Due to the rising concerns about declining taxpayer compliance and the IRS equitably selecting taxpayers to audit, The Government Accountability Office (GAO) studied the past 10 fiscal years to discover trends that lead to an income audit rate decrease. The Government Accountability Office (GAO) issued its findings in a report on the audit rates of individual tax returns from tax years 2010 to 2019 for all income levels.

Income Audit Report Findings

According to the report, the overall audit rate for these returns decreased from 0.9% to 0.25% between the tax years 2010 to 2019. The IRS attributed this trend to the decreased funding which reduced staffing within their organization. Audit rates decreased the most for taxpayers with incomes of $200,000 and above since the returns were generally more complex and required extensive staff review, thus costing the IRS more labor and time compared to the rates of individuals with an income of $200,000 or less. With less staff, the IRS focused more attention on audits that required less labor and time compared to individuals with incomes above $200,000.

Income Audit Rate Decrease reported by the GAO from 2010 to 2019┃CPA Nerds
The IRS audit conducted by the United States Government Accountability Office (GAO) found a decrease in income tax audits for the tax years between 2010 to 2019.

High-Income & Low-Income Taxpayer Income Audit Rate Decrease

IRS officials said that when lower-income taxpayers respond to the IRS with documentation to justify that they do not owe additional taxes, auditors use more hours to review documentation and respond to taxpayers compared to when taxpayers do not provide adequate documentation or do not respond at all, which is common for lower-income taxpayers. When taxpayers provide inadequate documentation or no response, IRS can use automated processes to quickly close these audits with the recommended tax change. 

Conversely, for taxpayers with an income of $50,000 and above, IRS spent fewer hours, on average, on no-change audits compared to audits with tax changes. Taxpayers at this income level are more likely to respond to IRS audit notices. IRS officials said that although it takes time to review taxpayer documentation substantiating that the taxpayer owes no additional taxes, auditors can close these no-change audits relatively quickly. In comparison, audits with tax changes can take longer because they commonly have complex tax issues.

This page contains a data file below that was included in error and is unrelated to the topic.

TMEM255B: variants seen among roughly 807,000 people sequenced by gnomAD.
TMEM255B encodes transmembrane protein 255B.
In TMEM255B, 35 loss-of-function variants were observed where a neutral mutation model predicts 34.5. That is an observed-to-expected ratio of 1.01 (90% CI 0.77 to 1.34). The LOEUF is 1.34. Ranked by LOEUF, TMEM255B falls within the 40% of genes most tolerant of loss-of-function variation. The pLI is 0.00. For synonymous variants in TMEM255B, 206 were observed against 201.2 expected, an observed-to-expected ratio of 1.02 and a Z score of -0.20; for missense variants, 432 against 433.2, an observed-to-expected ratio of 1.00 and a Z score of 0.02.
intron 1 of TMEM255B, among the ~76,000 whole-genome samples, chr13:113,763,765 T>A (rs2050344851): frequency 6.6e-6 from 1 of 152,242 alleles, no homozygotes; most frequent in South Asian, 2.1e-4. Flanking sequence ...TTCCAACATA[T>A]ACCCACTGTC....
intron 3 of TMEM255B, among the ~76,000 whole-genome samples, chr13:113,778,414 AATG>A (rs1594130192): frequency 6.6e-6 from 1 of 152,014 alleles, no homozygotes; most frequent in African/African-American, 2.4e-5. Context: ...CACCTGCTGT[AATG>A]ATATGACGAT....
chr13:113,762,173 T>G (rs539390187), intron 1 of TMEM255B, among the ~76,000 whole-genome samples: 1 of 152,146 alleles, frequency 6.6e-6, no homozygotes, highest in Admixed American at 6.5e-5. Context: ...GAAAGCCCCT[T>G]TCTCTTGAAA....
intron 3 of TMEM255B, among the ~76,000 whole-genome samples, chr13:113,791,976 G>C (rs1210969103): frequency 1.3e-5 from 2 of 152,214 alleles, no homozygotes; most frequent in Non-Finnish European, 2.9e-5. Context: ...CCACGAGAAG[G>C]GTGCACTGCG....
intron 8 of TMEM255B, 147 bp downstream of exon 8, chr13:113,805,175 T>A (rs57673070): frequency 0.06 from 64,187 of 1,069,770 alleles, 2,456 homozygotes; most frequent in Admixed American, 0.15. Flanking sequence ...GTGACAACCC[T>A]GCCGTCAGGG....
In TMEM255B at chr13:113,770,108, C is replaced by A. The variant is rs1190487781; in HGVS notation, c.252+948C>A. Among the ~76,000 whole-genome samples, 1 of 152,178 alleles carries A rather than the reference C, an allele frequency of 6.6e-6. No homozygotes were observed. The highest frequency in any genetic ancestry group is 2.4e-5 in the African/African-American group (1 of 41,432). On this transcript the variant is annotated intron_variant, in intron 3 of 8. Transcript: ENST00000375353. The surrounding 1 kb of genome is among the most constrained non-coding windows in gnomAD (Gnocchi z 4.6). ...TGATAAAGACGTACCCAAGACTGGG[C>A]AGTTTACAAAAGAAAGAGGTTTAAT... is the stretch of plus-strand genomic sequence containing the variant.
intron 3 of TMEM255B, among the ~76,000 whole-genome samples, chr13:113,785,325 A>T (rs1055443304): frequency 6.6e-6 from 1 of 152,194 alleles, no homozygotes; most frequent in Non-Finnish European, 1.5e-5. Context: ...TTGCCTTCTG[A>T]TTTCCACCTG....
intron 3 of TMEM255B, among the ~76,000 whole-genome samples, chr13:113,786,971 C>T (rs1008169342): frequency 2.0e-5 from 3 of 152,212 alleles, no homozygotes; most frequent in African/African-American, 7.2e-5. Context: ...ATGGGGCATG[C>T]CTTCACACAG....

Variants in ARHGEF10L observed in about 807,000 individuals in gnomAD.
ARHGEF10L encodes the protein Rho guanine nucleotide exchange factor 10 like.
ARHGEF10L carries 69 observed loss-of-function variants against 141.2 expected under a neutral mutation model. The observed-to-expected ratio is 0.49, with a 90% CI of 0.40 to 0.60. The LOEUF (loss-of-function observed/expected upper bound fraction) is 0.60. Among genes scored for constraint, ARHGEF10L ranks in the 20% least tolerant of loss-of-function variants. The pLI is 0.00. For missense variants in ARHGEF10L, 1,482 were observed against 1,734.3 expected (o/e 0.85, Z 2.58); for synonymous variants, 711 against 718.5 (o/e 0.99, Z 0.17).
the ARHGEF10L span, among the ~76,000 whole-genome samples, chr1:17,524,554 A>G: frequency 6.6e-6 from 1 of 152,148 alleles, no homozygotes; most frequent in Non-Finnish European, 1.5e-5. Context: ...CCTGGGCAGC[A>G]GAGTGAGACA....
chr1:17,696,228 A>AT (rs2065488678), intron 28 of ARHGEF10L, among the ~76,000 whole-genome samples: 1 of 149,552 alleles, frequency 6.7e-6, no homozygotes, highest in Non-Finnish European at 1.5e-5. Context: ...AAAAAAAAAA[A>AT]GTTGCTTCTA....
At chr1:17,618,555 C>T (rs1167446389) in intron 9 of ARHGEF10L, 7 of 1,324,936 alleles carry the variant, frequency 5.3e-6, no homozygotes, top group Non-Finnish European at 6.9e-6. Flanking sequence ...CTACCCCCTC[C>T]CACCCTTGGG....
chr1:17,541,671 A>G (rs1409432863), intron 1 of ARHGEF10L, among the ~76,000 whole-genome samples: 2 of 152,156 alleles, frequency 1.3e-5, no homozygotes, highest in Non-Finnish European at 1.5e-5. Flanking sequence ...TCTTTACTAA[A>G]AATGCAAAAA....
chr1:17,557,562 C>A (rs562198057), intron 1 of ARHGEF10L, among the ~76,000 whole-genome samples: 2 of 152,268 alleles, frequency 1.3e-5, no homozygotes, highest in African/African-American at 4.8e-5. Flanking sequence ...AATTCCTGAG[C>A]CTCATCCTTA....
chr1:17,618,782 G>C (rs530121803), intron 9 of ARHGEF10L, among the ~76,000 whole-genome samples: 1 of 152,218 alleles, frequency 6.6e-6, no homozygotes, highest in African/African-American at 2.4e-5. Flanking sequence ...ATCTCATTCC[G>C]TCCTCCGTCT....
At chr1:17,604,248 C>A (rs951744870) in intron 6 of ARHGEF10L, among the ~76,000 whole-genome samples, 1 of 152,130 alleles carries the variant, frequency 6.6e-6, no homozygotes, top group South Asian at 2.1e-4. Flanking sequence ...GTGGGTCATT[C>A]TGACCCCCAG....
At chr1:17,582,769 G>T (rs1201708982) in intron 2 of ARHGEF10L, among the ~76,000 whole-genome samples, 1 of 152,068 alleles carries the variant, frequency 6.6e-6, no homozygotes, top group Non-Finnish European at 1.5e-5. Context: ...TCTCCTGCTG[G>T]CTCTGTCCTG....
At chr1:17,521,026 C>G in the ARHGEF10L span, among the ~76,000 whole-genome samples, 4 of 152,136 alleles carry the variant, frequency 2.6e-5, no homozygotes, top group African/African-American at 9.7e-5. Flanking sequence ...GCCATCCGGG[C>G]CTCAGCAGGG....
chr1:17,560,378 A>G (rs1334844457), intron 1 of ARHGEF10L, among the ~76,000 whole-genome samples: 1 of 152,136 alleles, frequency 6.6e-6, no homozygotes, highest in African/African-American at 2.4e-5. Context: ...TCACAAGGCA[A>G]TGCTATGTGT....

The Selection of Audits

Although the audit rates decreased more for higher-income taxpayers, the IRS generally audited them at higher rates compared to lower-income taxpayers. However, the audit rate for taxpayers claiming the Earned Income Tax Credit (EITC) was higher than average. The IRS explained that EITC audits require fewer resources and prevent ineligible taxpayers from receiving the EITC because the IRS conducts qualification audits before issuing taxpayer refunds. As a result, IRS does not need to collect the assessed amounts since it already possesses the tax amounts in question. 

According to IRS officials, higher-income audits generally had lower collection rates because they are more likely to involve higher recommended tax amounts that may be abated or more difficult to fully collect. In particular, IRS officials said that, in earlier years, a larger portion of recommended tax changes for higher-income taxpayers was associated with correspondence audits, which had a higher abatement rate and thus reduced collections. They added that the collection rate for audits of taxpayers with incomes of $1 million or above depends on a relatively small number of taxpayers. Therefore, a few large payments can increase the collection rate.

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For an in-depth look at the report detailing the overall income audit rate decrease, view the full details released by the Government Accountability Office (GAO) here.